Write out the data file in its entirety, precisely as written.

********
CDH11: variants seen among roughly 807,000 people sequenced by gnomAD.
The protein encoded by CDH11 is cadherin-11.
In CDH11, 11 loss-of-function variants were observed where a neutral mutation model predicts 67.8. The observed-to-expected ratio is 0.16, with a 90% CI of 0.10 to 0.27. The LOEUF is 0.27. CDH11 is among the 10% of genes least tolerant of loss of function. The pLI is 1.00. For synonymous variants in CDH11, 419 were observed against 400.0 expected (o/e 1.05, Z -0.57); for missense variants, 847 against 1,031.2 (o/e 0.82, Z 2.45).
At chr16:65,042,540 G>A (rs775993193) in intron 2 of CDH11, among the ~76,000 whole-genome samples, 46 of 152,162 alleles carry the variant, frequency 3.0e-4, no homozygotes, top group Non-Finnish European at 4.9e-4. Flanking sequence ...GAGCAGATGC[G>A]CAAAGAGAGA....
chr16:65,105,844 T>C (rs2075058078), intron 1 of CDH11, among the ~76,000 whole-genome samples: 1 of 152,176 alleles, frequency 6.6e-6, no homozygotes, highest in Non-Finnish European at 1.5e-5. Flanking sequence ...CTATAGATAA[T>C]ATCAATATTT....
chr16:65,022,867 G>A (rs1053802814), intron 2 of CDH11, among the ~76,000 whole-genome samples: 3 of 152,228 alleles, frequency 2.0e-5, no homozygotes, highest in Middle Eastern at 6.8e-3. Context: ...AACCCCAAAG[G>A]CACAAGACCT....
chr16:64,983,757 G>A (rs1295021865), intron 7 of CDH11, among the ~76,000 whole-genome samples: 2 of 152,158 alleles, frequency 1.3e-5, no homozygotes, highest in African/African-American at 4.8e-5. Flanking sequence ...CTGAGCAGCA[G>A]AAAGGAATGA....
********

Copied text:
CDH11: variants seen among roughly 807,000 people sequenced by gnomAD.
The protein encoded by CDH11 is cadherin-11.
In CDH11, 11 loss-of-function variants were observed where a neutral mutation model predicts 67.8. The observed-to-expected ratio is 0.16, with a 90% CI of 0.10 to 0.27. The LOEUF is 0.27. CDH11 is among the 10% of genes least tolerant of loss of function. The pLI is 1.00. For synonymous variants in CDH11, 419 were observed against 400.0 expected (o/e 1.05, Z -0.57); for missense variants, 847 against 1,031.2 (o/e 0.82, Z 2.45).
At chr16:65,042,540 G>A (rs775993193) in intron 2 of CDH11, among the ~76,000 whole-genome samples, 46 of 152,162 alleles carry the variant, frequency 3.0e-4, no homozygotes, top group Non-Finnish European at 4.9e-4. Flanking sequence ...GAGCAGATGC[G>A]CAAAGAGAGA....
chr16:65,105,844 T>C (rs2075058078), intron 1 of CDH11, among the ~76,000 whole-genome samples: 1 of 152,176 alleles, frequency 6.6e-6, no homozygotes, highest in Non-Finnish European at 1.5e-5. Flanking sequence ...CTATAGATAA[T>C]ATCAATATTT....
chr16:65,022,867 G>A (rs1053802814), intron 2 of CDH11, among the ~76,000 whole-genome samples: 3 of 152,228 alleles, frequency 2.0e-5, no homozygotes, highest in Middle Eastern at 6.8e-3. Context: ...AACCCCAAAG[G>A]CACAAGACCT....
chr16:64,983,757 G>A (rs1295021865), intron 7 of CDH11, among the ~76,000 whole-genome samples: 2 of 152,158 alleles, frequency 1.3e-5, no homozygotes, highest in African/African-American at 4.8e-5. Flanking sequence ...CTGAGCAGCA[G>A]AAAGGAATGA....